Humanities1, Room 210
This conference explores the contemporary legacies of the sent-down youth movement that accompanied the Chinese Cultural Revolution (1966-76), during which approximately 15 million urban youth were sent to live in rural villages and state farms for up to ten years. This is a timely moment for such a workshop, as an increasing number of scholars in China are engaged in research on this subject, a result of the cottage industry of individual memoirs, collections of letters, diaries, and archival materials that have been published.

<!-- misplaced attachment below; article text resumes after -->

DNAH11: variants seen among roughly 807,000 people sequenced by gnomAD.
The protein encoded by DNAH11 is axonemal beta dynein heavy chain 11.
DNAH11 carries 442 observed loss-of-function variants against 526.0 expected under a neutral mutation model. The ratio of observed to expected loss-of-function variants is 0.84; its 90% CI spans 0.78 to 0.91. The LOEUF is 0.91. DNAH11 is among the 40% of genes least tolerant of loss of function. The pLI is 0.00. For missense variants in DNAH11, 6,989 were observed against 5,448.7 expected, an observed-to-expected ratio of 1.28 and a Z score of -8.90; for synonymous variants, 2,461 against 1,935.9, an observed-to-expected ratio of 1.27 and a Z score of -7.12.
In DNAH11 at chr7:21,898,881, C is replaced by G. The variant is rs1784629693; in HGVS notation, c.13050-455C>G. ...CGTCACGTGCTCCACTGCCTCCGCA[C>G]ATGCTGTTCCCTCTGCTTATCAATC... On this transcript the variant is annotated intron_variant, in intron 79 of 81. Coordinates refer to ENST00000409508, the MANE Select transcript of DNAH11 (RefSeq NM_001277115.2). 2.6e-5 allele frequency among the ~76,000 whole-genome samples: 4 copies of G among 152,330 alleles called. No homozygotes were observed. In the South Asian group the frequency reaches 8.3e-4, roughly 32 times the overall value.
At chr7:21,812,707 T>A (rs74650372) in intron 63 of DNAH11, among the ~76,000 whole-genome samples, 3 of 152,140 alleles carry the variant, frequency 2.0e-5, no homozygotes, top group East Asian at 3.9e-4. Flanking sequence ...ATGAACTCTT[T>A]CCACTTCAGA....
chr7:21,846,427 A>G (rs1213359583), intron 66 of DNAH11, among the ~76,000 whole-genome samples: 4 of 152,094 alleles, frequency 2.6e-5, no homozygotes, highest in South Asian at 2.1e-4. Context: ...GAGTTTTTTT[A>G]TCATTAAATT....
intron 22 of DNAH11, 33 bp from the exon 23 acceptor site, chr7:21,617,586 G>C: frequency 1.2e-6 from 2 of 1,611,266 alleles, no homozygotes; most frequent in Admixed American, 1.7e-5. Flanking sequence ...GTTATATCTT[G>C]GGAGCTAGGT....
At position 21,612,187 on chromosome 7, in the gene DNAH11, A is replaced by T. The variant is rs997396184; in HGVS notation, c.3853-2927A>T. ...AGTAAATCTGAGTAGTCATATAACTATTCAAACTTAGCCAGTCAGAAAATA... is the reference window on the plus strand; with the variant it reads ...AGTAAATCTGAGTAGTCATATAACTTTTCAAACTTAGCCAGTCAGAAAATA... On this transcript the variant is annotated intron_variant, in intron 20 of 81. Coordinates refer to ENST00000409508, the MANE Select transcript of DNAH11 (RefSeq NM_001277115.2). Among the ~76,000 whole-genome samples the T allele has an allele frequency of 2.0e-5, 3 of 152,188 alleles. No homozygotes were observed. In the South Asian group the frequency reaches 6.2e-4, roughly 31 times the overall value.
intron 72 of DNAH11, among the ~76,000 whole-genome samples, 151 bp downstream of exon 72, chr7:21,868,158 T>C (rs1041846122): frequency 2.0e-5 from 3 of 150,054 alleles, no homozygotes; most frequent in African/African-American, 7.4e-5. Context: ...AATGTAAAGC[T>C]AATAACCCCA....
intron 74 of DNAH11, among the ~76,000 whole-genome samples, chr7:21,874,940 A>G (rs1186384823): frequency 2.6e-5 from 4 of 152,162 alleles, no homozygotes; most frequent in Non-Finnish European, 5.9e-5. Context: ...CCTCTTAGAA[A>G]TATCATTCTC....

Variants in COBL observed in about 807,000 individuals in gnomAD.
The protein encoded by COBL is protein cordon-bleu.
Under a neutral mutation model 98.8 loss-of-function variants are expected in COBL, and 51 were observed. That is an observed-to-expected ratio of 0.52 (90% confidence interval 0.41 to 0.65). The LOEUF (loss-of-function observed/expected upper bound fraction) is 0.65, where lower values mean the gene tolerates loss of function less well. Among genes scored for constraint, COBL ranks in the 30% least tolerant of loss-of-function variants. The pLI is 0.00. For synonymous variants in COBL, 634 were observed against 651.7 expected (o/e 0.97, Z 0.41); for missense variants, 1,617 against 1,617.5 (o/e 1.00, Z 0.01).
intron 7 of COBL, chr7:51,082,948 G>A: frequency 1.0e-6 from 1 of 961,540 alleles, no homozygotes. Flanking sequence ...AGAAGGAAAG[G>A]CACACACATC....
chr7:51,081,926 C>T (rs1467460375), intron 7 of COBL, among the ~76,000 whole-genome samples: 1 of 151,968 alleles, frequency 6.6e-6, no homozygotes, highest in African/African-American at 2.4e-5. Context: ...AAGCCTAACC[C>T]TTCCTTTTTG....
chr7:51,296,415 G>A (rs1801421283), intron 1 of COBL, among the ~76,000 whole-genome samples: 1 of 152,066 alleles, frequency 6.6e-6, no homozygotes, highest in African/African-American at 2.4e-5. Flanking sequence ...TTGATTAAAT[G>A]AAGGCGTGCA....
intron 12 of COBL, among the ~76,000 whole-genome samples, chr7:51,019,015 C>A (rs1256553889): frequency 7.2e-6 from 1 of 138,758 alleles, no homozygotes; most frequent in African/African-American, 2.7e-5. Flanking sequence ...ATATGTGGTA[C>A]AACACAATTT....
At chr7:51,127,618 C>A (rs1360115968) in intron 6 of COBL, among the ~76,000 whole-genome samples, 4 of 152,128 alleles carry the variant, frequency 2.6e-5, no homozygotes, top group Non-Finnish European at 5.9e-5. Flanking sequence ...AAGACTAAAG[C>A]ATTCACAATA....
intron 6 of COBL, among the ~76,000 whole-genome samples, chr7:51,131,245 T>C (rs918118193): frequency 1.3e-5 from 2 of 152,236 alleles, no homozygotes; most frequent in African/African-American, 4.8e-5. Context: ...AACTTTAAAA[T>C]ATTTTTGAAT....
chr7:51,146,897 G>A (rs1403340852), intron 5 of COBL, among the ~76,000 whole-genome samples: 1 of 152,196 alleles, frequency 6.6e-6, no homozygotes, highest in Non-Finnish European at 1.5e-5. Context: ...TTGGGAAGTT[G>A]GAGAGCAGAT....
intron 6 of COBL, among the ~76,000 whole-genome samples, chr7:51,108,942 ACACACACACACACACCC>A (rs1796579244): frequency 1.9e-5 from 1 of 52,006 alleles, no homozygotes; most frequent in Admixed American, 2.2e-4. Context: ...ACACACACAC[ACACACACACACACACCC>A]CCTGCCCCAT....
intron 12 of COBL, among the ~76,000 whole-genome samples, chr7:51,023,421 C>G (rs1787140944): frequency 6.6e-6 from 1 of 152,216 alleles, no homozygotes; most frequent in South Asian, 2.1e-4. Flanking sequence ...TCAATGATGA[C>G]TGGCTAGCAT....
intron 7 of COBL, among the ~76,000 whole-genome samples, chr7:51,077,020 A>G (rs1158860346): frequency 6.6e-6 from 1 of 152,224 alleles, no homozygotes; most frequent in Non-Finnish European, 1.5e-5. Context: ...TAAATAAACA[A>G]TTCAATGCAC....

Although all of the conference participants have conducted research on historical aspects of the movement, they share a concern with the legacies of that movement for contemporary China: the large percentage of the current political leadership (including President Xi Jinping) that were sent-down youth; the implications of economic relationships established in the context of the sent-down youth movement for contemporary economic development; and social issues facing the post-sent-down youth generation. Participants from China and the U.S. include historians, sociologists, and political scientists./p>